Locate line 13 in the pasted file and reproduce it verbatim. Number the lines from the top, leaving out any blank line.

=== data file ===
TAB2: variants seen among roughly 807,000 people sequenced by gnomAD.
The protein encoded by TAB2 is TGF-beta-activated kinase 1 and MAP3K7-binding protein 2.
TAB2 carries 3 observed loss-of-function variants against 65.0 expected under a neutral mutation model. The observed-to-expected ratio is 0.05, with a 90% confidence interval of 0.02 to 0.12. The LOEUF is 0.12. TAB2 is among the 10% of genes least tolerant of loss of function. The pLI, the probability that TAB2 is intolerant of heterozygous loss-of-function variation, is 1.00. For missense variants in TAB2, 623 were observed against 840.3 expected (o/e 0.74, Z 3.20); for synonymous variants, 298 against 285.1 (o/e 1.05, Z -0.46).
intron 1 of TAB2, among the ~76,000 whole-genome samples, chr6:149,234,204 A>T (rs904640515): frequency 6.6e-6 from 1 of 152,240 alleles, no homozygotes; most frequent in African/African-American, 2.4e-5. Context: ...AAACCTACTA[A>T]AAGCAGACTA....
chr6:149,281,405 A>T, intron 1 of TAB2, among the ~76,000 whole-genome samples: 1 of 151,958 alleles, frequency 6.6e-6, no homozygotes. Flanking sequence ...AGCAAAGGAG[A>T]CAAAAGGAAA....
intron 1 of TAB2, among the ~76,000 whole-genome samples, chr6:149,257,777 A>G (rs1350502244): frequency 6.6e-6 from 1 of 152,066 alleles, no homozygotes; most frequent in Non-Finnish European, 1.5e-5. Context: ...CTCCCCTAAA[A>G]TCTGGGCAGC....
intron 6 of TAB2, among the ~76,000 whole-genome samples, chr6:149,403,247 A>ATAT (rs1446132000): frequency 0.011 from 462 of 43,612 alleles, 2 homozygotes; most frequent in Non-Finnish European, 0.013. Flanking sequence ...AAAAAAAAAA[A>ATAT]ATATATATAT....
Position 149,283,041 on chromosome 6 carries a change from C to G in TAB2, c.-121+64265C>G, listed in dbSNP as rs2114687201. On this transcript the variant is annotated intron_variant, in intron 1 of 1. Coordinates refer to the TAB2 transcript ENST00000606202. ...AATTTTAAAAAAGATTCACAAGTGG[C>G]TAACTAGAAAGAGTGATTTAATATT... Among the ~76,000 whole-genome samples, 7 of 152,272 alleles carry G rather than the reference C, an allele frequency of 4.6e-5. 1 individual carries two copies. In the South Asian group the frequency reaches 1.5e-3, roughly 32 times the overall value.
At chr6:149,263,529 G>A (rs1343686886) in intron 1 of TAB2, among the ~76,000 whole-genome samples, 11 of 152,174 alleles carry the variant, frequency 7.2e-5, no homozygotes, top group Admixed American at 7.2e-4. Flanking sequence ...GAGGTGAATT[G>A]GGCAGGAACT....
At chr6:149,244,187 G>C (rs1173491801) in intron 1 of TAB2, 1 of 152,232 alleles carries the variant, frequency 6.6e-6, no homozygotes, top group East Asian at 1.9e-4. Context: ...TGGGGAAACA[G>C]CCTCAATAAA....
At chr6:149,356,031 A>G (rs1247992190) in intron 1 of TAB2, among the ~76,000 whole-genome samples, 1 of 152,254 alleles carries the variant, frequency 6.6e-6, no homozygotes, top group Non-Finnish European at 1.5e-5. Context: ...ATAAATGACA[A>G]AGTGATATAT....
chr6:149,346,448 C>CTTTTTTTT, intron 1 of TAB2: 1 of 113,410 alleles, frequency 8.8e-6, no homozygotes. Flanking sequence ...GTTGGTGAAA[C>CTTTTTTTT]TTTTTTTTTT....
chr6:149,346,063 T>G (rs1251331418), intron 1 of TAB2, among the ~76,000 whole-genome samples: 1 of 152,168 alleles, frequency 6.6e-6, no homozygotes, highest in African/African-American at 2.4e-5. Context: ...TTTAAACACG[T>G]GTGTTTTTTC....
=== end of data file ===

chr6:149,346,063 T>G (rs1251331418), intron 1 of TAB2, among the ~76,000 whole-genome samples: 1 of 152,168 alleles, frequency 6.6e-6, no homozygotes, highest in African/African-American at 2.4e-5. Context: ...TTTAAACACG[T>G]GTGTTTTTTC....